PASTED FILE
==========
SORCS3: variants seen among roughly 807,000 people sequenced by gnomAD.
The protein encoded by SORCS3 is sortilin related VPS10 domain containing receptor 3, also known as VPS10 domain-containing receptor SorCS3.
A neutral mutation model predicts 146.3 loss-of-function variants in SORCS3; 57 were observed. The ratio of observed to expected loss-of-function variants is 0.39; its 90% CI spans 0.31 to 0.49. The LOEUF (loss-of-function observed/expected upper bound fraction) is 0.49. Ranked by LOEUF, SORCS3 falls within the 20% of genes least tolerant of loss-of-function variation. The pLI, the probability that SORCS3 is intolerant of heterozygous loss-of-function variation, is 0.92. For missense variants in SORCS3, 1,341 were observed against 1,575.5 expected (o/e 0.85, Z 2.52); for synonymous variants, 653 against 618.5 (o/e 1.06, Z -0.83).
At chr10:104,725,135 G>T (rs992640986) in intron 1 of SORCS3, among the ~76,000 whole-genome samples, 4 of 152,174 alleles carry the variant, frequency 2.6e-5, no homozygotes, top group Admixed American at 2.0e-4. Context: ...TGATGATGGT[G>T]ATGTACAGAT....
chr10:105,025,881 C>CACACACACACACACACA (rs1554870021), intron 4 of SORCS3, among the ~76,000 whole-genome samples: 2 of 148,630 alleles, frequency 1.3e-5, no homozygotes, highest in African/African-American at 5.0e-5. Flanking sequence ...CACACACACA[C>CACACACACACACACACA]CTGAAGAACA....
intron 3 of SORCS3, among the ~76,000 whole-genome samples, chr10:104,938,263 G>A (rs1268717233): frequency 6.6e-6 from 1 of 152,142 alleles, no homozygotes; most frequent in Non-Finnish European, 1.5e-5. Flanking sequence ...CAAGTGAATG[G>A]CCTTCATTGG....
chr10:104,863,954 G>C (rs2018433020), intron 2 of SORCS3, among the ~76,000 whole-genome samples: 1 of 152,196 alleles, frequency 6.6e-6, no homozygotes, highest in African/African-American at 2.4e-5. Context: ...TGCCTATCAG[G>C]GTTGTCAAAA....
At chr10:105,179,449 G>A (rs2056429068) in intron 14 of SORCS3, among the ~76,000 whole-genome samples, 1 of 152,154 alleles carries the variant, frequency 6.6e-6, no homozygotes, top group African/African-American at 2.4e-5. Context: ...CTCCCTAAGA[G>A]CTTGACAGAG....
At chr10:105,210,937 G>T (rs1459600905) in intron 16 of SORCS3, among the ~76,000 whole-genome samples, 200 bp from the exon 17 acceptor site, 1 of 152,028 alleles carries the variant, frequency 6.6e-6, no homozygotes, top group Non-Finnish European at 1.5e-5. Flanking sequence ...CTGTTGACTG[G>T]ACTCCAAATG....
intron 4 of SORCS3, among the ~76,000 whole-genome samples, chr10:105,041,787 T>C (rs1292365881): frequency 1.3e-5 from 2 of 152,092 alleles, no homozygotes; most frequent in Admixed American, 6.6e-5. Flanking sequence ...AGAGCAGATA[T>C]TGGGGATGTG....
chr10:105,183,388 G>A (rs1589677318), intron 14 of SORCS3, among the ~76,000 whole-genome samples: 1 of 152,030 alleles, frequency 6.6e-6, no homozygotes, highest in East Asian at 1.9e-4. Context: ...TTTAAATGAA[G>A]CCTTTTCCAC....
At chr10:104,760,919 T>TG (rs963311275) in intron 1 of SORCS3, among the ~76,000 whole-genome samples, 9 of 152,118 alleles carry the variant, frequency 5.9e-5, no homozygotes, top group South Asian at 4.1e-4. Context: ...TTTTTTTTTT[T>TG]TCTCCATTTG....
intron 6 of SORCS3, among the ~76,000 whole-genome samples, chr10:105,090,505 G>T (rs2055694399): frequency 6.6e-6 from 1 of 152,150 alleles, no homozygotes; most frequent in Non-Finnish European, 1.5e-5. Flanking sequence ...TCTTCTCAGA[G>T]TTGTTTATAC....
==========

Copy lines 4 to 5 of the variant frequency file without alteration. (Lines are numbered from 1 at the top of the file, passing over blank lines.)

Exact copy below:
At chr10:104,725,135 G>T (rs992640986) in intron 1 of SORCS3, among the ~76,000 whole-genome samples, 4 of 152,174 alleles carry the variant, frequency 2.6e-5, no homozygotes, top group Admixed American at 2.0e-4. Context: ...TGATGATGGT[G>T]ATGTACAGAT....
chr10:105,025,881 C>CACACACACACACACACA (rs1554870021), intron 4 of SORCS3, among the ~76,000 whole-genome samples: 2 of 148,630 alleles, frequency 1.3e-5, no homozygotes, highest in African/African-American at 5.0e-5. Flanking sequence ...CACACACACA[C>CACACACACACACACACA]CTGAAGAACA....